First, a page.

If You Want a Happy Second Spouse, Change Your Beneficiaries After a Divorce

Glad your ex is out of your life?  Want to make sure your new spouse is taken care of after you die?  Pay attention to this article.

The Kentucky Court of Appeals issued a ruling earlier today that directly affects anyone who has gotten divorced and at the time had any kind of investment account, retirement account, life insurance policy or other similar contract that allows one to designate a beneficiary.  In the case of Sadler v. Buskirk, Richard & Barbara Buskirk were divorced and entered a property settlement agreement.  Under the terms of the agreement, they each waived any interest in the other's individual retirement accounts.  Nothing was mentioned about the beneficiary rights.  Richard later married Ruth Ann Sadler.  When Richard died, Ruth Ann discovered that Richard had never changed the beneficiary of his Dreyfus IRA to remove Barbara.  Ruth Ann filed suit asking the court to prevent Barbara from recovering.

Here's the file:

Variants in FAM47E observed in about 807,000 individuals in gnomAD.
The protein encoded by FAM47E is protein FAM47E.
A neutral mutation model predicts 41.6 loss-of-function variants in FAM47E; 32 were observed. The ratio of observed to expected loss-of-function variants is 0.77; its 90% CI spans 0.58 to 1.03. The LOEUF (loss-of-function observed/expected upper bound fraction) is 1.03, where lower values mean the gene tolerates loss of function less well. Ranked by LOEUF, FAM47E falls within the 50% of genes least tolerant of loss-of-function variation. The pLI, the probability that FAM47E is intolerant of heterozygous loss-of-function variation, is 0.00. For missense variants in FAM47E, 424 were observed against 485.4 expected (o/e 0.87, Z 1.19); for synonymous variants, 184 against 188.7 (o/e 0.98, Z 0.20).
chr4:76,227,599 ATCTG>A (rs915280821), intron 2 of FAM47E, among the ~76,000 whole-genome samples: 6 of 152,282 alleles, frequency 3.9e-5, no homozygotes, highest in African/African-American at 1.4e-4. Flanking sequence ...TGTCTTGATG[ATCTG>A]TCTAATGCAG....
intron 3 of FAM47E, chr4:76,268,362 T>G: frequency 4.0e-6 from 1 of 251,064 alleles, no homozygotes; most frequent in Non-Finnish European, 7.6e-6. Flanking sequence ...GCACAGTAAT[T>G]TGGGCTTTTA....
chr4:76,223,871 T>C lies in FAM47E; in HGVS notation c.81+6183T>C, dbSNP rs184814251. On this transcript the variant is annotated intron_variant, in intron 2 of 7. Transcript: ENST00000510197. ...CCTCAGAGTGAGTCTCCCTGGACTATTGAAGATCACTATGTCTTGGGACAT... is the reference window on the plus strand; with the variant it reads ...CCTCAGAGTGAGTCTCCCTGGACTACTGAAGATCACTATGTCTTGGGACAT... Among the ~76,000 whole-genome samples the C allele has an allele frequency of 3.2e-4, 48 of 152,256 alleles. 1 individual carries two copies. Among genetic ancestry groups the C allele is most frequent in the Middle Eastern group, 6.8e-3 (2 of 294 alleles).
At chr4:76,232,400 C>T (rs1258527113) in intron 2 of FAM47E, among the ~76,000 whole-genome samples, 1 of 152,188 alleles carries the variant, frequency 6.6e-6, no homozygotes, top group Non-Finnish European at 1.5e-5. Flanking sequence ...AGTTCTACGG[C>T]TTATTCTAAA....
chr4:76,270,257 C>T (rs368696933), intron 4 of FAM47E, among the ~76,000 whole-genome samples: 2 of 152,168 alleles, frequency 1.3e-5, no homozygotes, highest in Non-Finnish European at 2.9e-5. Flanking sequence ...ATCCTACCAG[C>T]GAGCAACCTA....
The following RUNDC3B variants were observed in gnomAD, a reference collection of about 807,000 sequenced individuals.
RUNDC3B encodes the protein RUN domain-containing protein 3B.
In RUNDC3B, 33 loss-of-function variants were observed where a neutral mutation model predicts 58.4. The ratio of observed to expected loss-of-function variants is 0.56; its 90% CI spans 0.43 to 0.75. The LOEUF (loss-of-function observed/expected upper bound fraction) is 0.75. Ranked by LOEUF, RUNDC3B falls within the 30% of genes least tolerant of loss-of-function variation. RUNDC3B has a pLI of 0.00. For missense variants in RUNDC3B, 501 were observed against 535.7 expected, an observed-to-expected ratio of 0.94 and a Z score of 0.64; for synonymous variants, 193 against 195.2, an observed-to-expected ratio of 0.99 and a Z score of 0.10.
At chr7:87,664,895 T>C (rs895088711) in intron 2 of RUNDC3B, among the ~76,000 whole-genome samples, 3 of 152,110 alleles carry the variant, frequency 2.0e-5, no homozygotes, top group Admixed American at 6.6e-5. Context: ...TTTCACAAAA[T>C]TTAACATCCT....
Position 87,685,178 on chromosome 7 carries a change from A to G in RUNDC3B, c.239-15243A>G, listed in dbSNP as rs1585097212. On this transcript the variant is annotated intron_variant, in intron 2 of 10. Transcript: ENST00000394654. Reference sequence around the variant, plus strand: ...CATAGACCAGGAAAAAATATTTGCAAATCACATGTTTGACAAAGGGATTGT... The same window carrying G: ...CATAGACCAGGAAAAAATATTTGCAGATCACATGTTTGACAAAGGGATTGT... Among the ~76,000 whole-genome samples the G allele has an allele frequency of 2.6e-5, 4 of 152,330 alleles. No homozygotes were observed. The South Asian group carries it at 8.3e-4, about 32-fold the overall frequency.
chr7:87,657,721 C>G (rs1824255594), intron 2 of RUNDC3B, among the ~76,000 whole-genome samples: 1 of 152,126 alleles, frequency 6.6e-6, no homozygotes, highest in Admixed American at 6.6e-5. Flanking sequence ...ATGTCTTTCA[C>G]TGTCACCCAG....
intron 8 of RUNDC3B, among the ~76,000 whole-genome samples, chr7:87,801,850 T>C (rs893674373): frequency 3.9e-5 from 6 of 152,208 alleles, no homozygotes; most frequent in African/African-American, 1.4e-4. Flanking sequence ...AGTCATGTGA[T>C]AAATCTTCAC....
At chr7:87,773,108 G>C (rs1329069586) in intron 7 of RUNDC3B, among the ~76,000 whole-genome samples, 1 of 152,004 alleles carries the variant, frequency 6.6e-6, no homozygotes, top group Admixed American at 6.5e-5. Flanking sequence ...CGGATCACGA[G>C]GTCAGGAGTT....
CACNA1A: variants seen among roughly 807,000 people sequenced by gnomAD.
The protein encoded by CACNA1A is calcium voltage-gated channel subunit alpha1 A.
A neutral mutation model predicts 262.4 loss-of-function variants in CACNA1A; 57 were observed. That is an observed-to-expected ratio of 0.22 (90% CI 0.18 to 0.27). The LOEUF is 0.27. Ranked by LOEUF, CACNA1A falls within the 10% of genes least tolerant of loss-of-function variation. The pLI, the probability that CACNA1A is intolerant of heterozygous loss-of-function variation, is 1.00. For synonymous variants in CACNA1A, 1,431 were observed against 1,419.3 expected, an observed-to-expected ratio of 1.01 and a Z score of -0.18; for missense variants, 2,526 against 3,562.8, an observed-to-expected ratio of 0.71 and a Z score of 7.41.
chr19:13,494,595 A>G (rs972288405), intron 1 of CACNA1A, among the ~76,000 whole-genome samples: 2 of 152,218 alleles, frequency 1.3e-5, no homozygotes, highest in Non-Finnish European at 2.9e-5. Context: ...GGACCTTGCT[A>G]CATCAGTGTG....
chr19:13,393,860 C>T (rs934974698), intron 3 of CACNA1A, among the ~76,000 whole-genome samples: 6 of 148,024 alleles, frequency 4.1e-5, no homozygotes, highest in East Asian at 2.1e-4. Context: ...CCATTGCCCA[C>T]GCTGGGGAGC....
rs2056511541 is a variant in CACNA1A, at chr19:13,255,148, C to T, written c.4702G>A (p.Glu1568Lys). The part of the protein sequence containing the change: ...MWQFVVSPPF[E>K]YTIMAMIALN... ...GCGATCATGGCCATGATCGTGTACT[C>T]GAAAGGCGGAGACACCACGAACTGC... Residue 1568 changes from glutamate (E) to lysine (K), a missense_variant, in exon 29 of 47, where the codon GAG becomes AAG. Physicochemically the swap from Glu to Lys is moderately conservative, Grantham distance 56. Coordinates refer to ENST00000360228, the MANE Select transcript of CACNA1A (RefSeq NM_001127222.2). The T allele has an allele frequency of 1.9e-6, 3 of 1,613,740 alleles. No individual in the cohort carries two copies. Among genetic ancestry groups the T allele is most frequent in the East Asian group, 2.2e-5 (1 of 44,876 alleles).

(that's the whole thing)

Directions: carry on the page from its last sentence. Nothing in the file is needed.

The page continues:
Both the trial court and the Court of Appeals ruled that the marital settlement agreement only served to determine the ownership rights of the IRA.  The power to designate the beneficiary is inherent to the ownership rights and authority.  The settlement agreement was silent on beneficiary rights or any possible waiver of the right to claim as a beneficiary.  The Court of Appeals briefly discussed the possibility of a waiver of the beneficiary interests and stated that any such waiver would have to be very specific.  A general waiver of all other claims to the other party's property was not sufficient.

The moral of this story is that when you go through a major life changing event whether it is a divorce, a marriage, a birth or a death in your family, it is time to sit down with your attorney, your accountant, and your financial advisor to ensure that your beneficiary designations and the rest of your estate plan truly reflect your wishes.

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